Tributary of the Athabasca entirely within Jasper National Park
53.1894 N 117.9839 W — Map 083F04 — Google — GeoHack
Name officially adopted in 1956
Official in Canada
Milton and Cheadle’s map 1865
Trutch’s map of BC 1871
Pre-emptor’s map Tête Jaune 3H 1923
Boundary Commission Sheet 31 (surveyed in 1922)
The Snake Indian River was named after a small tribe of indigenous people, referred to as the Snakes, who resided around Jasper House in the 19th century.
Jasper House is beautifully situated on an open plain, about six miles in extent, within the first range of the mountains. As the valley makes a bend above and below, it appears to be completely encircled by mountains, which rise from 4,000 to 5,000 feet, with bold craggy outlines; the little group of buildings which form the ” fort ” have been constructed, in keeping with their picturesque situation, after the Swiss style, with overhanging roofs and trellised porticos. The dwelling-house and two stores form three sides of a square, and these, with a little detached hut, form the whole of this remote establishment. The general direction of the valley of the Athabasca through the mountains seems to be a from south to north, with a very little easting. Four miles below the fort the Athabasca receives a large tributary from the W.N.W., which is known either as the Assineboine or the Snake Indian River. Opposite to the fort, from the opposite direction, comes Rocky River, and these two streams, with the Athabasca, define four great mountain masses.
There was once a little tribe of Indians known as the Snakes, that lived in the country to the north of Jasper House, but which, during the time of the North West Fur Company, was treacherously exterminated by the Assineboines. They were invited to a peace feast by the latter Indians, when they were to settle all their disputes, and neither party was to bring any weapons. It was held about three miles below the present site of Jasper House, but the Assineboines being all secretly armed, fell on the poor Snakes in the midst of the revelry, and killed them all. Such was the story I heard from the hunters here.— James Hector [1834–1907] 1859, in Palliser papers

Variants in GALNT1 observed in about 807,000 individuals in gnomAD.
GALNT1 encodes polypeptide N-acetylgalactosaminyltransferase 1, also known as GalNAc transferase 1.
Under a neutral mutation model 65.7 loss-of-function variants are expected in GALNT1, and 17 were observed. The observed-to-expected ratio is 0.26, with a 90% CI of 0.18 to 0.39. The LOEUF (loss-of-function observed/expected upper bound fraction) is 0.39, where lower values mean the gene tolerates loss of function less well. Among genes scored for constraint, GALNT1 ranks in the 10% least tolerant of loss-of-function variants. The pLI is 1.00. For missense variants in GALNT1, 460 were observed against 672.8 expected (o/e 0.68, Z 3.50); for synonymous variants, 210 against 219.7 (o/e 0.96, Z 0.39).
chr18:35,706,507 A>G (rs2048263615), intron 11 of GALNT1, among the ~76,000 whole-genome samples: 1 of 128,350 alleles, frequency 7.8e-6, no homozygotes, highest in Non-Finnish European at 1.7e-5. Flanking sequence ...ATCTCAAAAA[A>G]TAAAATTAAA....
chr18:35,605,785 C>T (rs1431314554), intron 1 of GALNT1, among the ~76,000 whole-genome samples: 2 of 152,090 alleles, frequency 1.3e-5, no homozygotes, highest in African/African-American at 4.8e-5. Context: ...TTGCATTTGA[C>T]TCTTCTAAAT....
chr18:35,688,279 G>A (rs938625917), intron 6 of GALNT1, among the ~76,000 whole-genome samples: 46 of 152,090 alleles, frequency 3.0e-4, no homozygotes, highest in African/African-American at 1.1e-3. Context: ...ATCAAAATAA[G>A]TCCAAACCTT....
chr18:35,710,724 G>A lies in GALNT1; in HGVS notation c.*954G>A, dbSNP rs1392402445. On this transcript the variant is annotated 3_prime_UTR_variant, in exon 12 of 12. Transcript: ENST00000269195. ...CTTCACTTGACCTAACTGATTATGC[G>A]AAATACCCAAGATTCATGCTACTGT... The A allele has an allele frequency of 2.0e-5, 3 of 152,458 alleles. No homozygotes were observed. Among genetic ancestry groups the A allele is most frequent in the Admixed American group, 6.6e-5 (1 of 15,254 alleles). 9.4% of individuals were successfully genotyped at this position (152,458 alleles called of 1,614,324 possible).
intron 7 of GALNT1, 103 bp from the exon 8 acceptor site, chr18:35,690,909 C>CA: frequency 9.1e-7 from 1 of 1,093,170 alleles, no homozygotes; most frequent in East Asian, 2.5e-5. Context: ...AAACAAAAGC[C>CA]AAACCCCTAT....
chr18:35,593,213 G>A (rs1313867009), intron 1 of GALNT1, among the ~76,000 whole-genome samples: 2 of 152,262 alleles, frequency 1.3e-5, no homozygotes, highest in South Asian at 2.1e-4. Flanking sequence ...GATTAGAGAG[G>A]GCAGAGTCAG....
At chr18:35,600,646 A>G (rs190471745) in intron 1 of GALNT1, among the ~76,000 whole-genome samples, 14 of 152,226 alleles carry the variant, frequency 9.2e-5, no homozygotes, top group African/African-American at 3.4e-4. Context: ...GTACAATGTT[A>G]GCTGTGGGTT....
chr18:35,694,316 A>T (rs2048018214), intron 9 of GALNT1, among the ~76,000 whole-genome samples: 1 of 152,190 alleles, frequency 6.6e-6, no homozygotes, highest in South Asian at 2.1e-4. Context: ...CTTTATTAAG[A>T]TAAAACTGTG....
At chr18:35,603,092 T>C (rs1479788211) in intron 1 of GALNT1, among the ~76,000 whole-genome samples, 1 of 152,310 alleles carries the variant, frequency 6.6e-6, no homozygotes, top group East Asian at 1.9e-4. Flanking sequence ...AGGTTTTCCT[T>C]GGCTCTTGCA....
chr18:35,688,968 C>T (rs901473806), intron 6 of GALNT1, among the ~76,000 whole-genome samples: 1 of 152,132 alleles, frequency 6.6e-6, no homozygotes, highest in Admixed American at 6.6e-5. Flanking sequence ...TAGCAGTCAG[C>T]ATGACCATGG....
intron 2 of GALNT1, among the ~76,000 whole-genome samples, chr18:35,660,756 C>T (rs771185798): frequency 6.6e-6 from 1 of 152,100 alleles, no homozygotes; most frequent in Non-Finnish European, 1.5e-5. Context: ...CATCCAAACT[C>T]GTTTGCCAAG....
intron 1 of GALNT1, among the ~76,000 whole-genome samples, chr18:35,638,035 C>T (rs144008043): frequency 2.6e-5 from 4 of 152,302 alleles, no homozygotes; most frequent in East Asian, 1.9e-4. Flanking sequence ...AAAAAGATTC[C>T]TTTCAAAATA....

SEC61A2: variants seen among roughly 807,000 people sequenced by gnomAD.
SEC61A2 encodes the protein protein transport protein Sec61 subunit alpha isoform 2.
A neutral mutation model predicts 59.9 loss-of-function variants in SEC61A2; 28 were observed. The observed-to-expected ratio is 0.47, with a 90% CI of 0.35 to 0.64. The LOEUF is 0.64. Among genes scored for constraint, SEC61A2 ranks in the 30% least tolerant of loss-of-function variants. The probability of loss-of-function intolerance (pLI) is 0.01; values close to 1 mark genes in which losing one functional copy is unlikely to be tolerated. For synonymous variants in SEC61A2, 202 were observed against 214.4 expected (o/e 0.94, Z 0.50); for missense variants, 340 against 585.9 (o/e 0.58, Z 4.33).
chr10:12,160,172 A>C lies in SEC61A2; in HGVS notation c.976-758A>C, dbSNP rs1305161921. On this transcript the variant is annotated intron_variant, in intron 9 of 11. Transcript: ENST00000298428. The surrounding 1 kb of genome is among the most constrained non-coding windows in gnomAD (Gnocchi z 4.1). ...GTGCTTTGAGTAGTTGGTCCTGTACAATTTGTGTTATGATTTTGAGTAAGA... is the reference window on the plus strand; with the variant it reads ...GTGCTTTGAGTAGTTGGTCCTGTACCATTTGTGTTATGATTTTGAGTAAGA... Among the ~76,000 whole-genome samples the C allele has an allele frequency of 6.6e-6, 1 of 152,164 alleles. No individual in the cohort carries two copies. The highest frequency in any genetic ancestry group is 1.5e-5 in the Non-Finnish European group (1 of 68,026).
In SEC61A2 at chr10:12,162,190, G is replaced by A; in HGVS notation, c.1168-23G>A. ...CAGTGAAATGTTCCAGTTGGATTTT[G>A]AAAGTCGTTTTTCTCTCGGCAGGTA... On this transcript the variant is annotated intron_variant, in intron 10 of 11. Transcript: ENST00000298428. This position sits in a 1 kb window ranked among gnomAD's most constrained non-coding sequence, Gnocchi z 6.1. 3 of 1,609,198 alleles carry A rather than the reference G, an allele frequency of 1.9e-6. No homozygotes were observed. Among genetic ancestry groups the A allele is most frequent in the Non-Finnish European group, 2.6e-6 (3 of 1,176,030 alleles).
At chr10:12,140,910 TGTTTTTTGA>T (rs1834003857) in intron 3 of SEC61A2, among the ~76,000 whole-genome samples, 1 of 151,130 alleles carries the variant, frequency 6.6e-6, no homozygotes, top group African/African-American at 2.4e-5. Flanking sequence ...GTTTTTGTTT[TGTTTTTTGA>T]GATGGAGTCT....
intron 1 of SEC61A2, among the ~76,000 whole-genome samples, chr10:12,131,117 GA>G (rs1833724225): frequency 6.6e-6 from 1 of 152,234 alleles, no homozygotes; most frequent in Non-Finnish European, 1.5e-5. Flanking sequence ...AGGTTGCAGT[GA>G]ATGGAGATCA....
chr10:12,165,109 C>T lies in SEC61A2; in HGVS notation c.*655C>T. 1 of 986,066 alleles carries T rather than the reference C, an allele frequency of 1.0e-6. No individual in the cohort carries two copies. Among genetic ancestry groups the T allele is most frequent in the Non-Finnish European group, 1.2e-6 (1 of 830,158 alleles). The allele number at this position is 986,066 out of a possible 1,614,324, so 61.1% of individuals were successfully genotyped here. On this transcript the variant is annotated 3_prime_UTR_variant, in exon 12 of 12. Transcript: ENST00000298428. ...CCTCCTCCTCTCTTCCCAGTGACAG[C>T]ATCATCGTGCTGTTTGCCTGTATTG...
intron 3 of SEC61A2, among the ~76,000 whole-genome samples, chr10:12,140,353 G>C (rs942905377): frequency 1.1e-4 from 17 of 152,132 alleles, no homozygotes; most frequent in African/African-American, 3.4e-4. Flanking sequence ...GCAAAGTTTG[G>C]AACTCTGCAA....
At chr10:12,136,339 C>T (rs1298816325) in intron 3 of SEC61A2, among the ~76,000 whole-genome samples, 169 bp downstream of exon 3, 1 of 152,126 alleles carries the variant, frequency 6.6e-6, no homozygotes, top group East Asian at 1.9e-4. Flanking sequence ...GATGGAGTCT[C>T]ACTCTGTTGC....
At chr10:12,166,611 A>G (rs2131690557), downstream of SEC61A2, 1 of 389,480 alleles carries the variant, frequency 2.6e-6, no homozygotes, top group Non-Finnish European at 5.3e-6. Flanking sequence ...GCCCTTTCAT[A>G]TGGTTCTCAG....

In Indigenous cultures, the term snake is a generic pejorative used to describe other tribes, regardless of their actual ancestry, hence the many locations in Alberta where a number of different tribes lived, all of whom, although unrelated, were called “Snakes.” From 1688-1720s, when the British Empire first came into prolonged trade contact with the Western Cree and Blackfoot, both of these groups were united in a war against “the Snake Indians” of Canada. It is not clear if this term (used in this period of Canadian history) is meant to refer to the Northern Paiute people, inaccurate, or perhaps entirely unrelated. In modern Plains Cree language, the term “kinêpikoyiniwak / ᑭᓀᐱᑯᔨᓂᐘᐠ,” literally translating to “Snake Indian” refers to Shoshone people.
- Canadian Board on Geographical Names. Place-names of Alberta. Published for the Geographic Board by the Department of the Interior. Ottawa: Department of the Interior, 1928. Hathi Trust
- Palliser, John [1817–1887], and Spry, Irene Mary Biss [1907–1998], editor. The papers of the Palliser Expedition 1857-1860. Toronto: The Champlain Society, 1968. Internet Archive
- Karamitsanis, Aphrodite [1961–]. Place names of Alberta. Volume 1: Mountains, Mountain Parks and Foothills. Calgary: University of Calgary Press, 1991
- Wikipedia. Snake Indian River
- Wikipedia. Snake Indians